Luke Air Force Base is surrounded by many communities who experience their share of F-16 engine noise, but there is one area that quiets the powerful engine.
The 56th Component Maintenance Squadron hush house runs engines at full afterburner and surrounding neighbors never know.
“Test cell is where all engine troops strive to work,” said Tech. Sgt. Nina Brown, 56th CMS test cell production supervisor. “Once someone is assigned to test cell, they are put into training.”
The months of training includes steps to become a certified test cell technician. An Airman needs to know the engine’s limits, emergency procedures, and technical orders and become familiar with the hush house.
“The first actual hands-on training is ground operations,” Brown said. “It involves learning how to spot leaks, do fire guard and notice engine abnormalities while it is running.”
An Airman will also work in a control cab to record an F-16’s performance during a test. He or she is required to memorize and carry out emergency procedures. The control cab runner is in charge of the test run of the engines and the crew. It takes at least six months to become certified on uninstalled engine runs.
“It takes the best-of-the-best in the engine maintainer world to work at test cell,” Brown said. “If you work at test cell, you’re pretty much as awesome as it gets.”
A hush house consists of noise dampening materials in the walls to lower the decibel level outside the facility muting the noise of the engine of the F-16.
“It is called a hush house because it is a noise suppressor system,” Brown said. “It gives us the capabilities to test engines 24-hours-a-day without disturbing the local community. We have three hush houses. Two houses are used for uninstalled engine runs and hush house three is used for installed engine runs. Hush house three is used after quiet hours so the flightline maintainers are still able to run aircraft.”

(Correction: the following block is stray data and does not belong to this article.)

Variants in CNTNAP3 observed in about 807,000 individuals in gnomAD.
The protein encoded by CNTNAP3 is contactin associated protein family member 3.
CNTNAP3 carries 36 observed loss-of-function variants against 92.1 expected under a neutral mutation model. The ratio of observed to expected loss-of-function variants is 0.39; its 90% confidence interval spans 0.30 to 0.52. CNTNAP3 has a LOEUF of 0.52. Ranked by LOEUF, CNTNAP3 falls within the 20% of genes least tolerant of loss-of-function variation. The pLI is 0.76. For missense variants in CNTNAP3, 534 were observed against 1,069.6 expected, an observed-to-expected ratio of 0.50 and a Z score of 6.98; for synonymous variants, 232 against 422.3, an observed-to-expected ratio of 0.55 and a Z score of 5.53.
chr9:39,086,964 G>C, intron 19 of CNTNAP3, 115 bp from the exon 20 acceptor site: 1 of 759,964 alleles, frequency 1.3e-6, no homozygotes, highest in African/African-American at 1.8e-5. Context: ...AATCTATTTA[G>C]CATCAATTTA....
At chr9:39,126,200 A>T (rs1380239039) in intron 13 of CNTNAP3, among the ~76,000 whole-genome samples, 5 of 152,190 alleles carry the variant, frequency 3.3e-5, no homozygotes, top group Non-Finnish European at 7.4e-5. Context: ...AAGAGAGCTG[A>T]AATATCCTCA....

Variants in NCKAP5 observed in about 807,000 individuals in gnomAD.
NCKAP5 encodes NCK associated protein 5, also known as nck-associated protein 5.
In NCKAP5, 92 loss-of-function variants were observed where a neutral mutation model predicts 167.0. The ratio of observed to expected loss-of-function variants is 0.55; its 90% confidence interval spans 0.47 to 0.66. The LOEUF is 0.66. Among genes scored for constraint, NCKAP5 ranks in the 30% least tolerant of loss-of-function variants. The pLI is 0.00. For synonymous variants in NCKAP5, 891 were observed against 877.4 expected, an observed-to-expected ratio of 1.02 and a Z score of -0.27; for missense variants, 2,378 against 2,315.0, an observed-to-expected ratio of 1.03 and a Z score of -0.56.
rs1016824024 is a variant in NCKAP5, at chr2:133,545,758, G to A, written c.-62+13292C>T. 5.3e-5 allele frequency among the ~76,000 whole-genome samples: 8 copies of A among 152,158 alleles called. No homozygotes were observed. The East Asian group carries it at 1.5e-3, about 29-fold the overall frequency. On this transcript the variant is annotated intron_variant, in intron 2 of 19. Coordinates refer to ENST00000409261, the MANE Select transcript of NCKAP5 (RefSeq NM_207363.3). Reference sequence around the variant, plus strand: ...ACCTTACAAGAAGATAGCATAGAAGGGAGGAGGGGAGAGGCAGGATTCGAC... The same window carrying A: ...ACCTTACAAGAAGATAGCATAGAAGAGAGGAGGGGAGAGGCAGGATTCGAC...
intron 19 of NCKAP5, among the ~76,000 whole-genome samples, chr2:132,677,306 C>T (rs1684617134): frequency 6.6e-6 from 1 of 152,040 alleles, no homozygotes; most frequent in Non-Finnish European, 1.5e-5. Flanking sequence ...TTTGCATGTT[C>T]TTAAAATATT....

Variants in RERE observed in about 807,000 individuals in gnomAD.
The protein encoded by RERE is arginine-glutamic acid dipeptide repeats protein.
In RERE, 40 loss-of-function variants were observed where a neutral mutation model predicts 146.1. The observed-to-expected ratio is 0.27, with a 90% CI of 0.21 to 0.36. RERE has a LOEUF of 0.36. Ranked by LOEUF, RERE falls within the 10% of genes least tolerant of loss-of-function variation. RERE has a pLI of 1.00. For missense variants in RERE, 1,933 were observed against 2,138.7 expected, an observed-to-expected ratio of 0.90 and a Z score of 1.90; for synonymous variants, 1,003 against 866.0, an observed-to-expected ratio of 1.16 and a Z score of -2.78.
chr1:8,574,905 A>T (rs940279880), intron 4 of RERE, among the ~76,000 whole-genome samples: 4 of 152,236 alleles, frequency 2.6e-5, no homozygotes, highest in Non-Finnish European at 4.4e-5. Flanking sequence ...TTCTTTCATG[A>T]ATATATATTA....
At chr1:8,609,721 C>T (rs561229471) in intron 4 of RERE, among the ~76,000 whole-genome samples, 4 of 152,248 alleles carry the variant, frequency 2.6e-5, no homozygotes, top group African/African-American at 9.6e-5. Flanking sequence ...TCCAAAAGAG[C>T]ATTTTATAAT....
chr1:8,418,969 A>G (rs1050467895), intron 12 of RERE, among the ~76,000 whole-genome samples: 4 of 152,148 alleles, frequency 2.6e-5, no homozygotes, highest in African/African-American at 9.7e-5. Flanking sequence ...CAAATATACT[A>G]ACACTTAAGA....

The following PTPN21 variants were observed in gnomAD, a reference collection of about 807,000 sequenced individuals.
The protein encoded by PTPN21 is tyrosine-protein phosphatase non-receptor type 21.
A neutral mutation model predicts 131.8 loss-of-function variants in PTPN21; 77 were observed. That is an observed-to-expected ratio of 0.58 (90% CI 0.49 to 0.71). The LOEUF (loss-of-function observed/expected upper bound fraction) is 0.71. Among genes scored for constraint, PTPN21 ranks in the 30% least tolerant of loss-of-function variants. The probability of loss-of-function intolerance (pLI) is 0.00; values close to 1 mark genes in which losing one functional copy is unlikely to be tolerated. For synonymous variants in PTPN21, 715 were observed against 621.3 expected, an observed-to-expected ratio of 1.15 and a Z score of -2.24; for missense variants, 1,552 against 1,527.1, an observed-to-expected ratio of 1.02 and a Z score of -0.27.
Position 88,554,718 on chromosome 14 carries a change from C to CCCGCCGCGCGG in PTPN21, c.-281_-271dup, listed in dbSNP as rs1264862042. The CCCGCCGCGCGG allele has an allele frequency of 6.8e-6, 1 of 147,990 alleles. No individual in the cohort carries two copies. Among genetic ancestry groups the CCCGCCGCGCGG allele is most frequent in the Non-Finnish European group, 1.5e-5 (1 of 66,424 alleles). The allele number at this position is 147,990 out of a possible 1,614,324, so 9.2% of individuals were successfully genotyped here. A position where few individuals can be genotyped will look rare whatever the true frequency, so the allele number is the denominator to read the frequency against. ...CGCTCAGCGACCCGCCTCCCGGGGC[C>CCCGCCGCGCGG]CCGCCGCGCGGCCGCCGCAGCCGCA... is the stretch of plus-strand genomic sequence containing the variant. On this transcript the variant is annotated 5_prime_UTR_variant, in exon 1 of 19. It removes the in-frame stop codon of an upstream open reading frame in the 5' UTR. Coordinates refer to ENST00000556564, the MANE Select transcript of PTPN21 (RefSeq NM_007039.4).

Engines come to the hush house after they’re built up at the 56th CMS Jet Engine Intermediate Maintenance. They’re examined at the test cell to ensure they are ready to be installed into the jet.
“The men and women of the test facility enhance and validate the hard work performed by the entire propulsion flight,” said Master Sgt. Austin English, 56th CMS test facility section chief. “Extreme attention to detail and system knowledge guarantee a safe, high-quality product for the flightline.”
During inspection, hush house technicians make sure all parameters on the engine are serviceable.
“We check to make sure the engine isn’t vibrating out of limits,” Brown said. “We are checking limits on oil pressure, core speed, fan speed and temperature. We have several different tests that we do based on the maintenance that was done in JEIM.”
After testing the engine, it’s then sent back to JEIM for final inspection.
“The propulsion flight test cell facility has tested more than 120 engines and supported 91 aircraft tests so far in 2012,” said Chief Master Sgt. Reginald Franks, 56th CMS Propulsion Flight chief. “They continue to provide the most rigorous testing capability of the Luke F-100 engine fleet. Additionally, their oversight of the hush houses has direct impact to flightline mission effectiveness.”